UMBC Makes History at NCAA Tournament
Black President Leading UMBC’s Academic Charge
Timothy Cox | 3/23/2018, 6 a.m.
CATONSVILLE, Md. What a weekend to remember, thanks to an historical basketball game Friday, March 16, 2018, when the University of Maryland Baltimore County (UMBC), achieved an unprecedented feat with their unexpected victory over No. 1 seeded University of Virginia, in the first round of the NCAA Tournament. The Maryland team won with a lopsided score of 74-54 in Charlotte, North Carolina.
The victory caused havoc among most folks who opted to predict who would possibly win the annual national collegiate men’s basketball tournament. The win also put a first-time international spotlight on the small college located in Catonsville in Baltimore County.
Although the team would eventually lose in the second round on Sunday (March 18) during a hard-fought battle against No. 9 seeded Kansas State University (50-43), UMBC played proudly and won the hearts of millions who continued to support the “Cinderella” story of the 2018 NCAA Tourney affectionately known as “March Madness.”
While the hoop team garnered first-time fans, it should be known that UMBC has long been a stellar site when it comes to academic prowess and success. The school’s chess team is likewise considered a championship-caliber program within international ranks.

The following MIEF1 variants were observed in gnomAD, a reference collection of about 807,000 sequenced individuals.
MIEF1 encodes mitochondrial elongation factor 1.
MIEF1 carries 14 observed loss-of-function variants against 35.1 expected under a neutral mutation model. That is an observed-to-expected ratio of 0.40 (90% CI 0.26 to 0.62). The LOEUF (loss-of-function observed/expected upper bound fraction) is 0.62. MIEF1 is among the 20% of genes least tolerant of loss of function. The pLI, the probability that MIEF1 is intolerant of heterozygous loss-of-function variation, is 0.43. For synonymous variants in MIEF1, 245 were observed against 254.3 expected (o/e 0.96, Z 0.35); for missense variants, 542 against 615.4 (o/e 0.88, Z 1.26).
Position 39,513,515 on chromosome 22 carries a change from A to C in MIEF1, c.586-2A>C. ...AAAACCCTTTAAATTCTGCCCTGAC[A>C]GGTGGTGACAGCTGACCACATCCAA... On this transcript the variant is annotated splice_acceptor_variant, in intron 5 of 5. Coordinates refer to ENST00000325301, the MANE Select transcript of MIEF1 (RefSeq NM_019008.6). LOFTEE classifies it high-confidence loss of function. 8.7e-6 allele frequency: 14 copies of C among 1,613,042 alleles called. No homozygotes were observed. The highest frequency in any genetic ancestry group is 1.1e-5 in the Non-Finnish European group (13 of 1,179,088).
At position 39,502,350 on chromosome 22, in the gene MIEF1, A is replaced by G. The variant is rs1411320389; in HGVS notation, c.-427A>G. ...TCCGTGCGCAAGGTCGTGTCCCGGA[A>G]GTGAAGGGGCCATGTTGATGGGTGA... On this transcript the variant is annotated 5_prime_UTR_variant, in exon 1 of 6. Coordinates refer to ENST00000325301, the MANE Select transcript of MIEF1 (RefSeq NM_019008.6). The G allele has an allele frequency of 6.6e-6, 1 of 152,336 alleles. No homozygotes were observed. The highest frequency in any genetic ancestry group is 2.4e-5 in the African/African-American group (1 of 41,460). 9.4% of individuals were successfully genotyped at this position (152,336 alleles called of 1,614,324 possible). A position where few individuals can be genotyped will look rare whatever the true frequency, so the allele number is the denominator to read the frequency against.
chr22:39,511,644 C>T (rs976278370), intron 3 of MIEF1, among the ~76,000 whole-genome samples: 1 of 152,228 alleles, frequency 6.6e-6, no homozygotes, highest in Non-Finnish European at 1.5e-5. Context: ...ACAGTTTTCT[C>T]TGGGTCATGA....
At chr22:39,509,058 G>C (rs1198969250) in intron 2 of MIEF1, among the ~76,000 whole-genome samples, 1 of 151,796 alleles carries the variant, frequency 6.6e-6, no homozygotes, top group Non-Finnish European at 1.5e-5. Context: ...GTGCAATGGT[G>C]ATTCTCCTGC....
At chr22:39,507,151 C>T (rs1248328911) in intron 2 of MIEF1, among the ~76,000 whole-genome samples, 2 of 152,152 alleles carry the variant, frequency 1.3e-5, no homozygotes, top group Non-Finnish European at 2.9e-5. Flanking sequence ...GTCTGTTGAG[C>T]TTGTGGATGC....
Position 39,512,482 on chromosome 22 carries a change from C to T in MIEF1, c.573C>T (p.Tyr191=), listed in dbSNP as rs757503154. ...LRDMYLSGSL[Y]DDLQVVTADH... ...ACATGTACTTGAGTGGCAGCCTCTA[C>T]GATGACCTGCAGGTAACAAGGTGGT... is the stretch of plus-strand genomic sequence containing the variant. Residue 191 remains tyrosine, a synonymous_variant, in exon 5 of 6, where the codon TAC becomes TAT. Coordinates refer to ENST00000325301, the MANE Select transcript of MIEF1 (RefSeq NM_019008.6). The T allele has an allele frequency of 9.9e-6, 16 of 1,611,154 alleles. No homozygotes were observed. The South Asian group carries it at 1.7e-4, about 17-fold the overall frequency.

It should also be noted that prior to the hoop team’s recent success, it may be a little known fact outside Maryland that UMBC is led by African-American, Dr. Freeman A. Hrabowski III who has been at the school’s helm since 1992.
Dr. Habrowski is the author of several books and was selected to chair President Barack Obama’s Advisory Commission on Educational Excellence.
As a youth, the Birmingham, Alabama native participated in a major Civil Rights protest at Kelly Ingram Park in Birmingham in May 1963.
Carroll Little, a 1998 UMBC graduate, says he transferred from Morehouse College in Atlanta to attend UMBC.
“Being at an HBCU was important but I also appreciated Dr. Hrabowski’s positive influence on black males. That was vital,” he said noting Dr. Hrabowski’s role in developing the Meyerhoff Scholars Program, which has been at the forefront of efforts to increase diversity among future leaders in science, engineering and related fields.
Dr. Habrowski was featured on the popular news magazine show “60 Minutes” on CBS in 2013, where he was able to speak about the goals of the Meyerhoff Scholars Program.
Bookstore Marketing Director Erin McGonigle said the unexpected hoop success generated massive online orders for merchandise from throughout the nation. “Our online orders have already outnumbered our [usual] annual totals,” she said.
The Woelper family of nearby Pasadena, Maryland, made the Sunday drive to visit their former campus and stomping grounds. Jason Woelper along with wife Colleen Woelper, daughter Brenna, 7 and son Brodie, 5, posed at the school’s mascot statue “True Grit the Retriever ” dog.
Both Woelpers are alumnus. He is a mechanical engineer and she is a social studies department chair with Anne Arundel Rundle County Schools. They base their career success on academic foundations learned at UMBC.
“It’s always been a good school— now it’s good the basketball team has put us on the national map,” Mrs. Woelper said.